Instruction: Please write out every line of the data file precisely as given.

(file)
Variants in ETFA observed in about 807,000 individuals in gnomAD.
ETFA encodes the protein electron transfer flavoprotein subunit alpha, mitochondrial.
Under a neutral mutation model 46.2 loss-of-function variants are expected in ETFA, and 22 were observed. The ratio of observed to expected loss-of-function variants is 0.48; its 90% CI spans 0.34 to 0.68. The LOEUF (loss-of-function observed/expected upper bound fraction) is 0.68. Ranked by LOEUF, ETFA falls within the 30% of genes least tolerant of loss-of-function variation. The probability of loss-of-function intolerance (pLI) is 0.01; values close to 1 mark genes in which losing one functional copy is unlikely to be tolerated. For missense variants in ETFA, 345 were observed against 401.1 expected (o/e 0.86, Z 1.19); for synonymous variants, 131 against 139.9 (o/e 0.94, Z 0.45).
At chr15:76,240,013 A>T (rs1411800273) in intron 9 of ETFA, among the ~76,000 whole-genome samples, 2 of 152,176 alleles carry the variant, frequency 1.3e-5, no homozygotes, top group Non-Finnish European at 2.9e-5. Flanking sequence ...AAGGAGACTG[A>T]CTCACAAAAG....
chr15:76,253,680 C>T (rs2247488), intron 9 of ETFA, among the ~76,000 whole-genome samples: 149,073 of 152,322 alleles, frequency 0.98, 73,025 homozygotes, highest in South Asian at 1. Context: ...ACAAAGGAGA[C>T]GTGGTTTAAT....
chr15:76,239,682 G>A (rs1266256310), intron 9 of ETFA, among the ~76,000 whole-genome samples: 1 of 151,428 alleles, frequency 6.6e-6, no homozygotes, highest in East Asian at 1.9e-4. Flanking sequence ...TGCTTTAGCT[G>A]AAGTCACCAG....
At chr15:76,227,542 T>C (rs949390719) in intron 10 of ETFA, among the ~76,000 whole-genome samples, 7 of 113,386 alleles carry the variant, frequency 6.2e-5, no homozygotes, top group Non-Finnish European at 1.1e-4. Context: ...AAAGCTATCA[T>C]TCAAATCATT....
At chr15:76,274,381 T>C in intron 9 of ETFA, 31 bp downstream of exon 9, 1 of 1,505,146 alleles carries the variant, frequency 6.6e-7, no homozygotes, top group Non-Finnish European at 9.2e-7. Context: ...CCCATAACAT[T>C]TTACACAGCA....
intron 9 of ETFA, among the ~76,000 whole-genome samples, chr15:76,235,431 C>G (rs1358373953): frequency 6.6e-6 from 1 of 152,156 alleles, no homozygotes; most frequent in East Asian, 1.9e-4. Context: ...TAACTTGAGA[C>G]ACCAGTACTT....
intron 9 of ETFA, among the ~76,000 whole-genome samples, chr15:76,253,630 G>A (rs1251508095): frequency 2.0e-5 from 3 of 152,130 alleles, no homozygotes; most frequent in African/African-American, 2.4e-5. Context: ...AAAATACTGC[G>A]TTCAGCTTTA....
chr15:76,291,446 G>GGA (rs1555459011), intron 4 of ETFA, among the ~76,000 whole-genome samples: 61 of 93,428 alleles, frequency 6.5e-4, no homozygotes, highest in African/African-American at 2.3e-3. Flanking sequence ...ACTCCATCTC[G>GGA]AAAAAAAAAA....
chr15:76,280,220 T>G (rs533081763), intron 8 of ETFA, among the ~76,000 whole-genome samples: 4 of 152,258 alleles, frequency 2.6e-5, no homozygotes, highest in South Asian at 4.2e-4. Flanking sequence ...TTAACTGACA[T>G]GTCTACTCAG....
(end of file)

Variants in ETFA observed in about 807,000 individuals in gnomAD.
ETFA encodes the protein electron transfer flavoprotein subunit alpha, mitochondrial.
Under a neutral mutation model 46.2 loss-of-function variants are expected in ETFA, and 22 were observed. The ratio of observed to expected loss-of-function variants is 0.48; its 90% CI spans 0.34 to 0.68. The LOEUF (loss-of-function observed/expected upper bound fraction) is 0.68. Ranked by LOEUF, ETFA falls within the 30% of genes least tolerant of loss-of-function variation. The probability of loss-of-function intolerance (pLI) is 0.01; values close to 1 mark genes in which losing one functional copy is unlikely to be tolerated. For missense variants in ETFA, 345 were observed against 401.1 expected (o/e 0.86, Z 1.19); for synonymous variants, 131 against 139.9 (o/e 0.94, Z 0.45).
At chr15:76,240,013 A>T (rs1411800273) in intron 9 of ETFA, among the ~76,000 whole-genome samples, 2 of 152,176 alleles carry the variant, frequency 1.3e-5, no homozygotes, top group Non-Finnish European at 2.9e-5. Flanking sequence ...AAGGAGACTG[A>T]CTCACAAAAG....
chr15:76,253,680 C>T (rs2247488), intron 9 of ETFA, among the ~76,000 whole-genome samples: 149,073 of 152,322 alleles, frequency 0.98, 73,025 homozygotes, highest in South Asian at 1. Context: ...ACAAAGGAGA[C>T]GTGGTTTAAT....
chr15:76,239,682 G>A (rs1266256310), intron 9 of ETFA, among the ~76,000 whole-genome samples: 1 of 151,428 alleles, frequency 6.6e-6, no homozygotes, highest in East Asian at 1.9e-4. Flanking sequence ...TGCTTTAGCT[G>A]AAGTCACCAG....
At chr15:76,227,542 T>C (rs949390719) in intron 10 of ETFA, among the ~76,000 whole-genome samples, 7 of 113,386 alleles carry the variant, frequency 6.2e-5, no homozygotes, top group Non-Finnish European at 1.1e-4. Context: ...AAAGCTATCA[T>C]TCAAATCATT....
At chr15:76,274,381 T>C in intron 9 of ETFA, 31 bp downstream of exon 9, 1 of 1,505,146 alleles carries the variant, frequency 6.6e-7, no homozygotes, top group Non-Finnish European at 9.2e-7. Context: ...CCCATAACAT[T>C]TTACACAGCA....
intron 9 of ETFA, among the ~76,000 whole-genome samples, chr15:76,235,431 C>G (rs1358373953): frequency 6.6e-6 from 1 of 152,156 alleles, no homozygotes; most frequent in East Asian, 1.9e-4. Context: ...TAACTTGAGA[C>G]ACCAGTACTT....
intron 9 of ETFA, among the ~76,000 whole-genome samples, chr15:76,253,630 G>A (rs1251508095): frequency 2.0e-5 from 3 of 152,130 alleles, no homozygotes; most frequent in African/African-American, 2.4e-5. Context: ...AAAATACTGC[G>A]TTCAGCTTTA....
chr15:76,291,446 G>GGA (rs1555459011), intron 4 of ETFA, among the ~76,000 whole-genome samples: 61 of 93,428 alleles, frequency 6.5e-4, no homozygotes, highest in African/African-American at 2.3e-3. Flanking sequence ...ACTCCATCTC[G>GGA]AAAAAAAAAA....
chr15:76,280,220 T>G (rs533081763), intron 8 of ETFA, among the ~76,000 whole-genome samples: 4 of 152,258 alleles, frequency 2.6e-5, no homozygotes, highest in South Asian at 4.2e-4. Flanking sequence ...TTAACTGACA[T>G]GTCTACTCAG....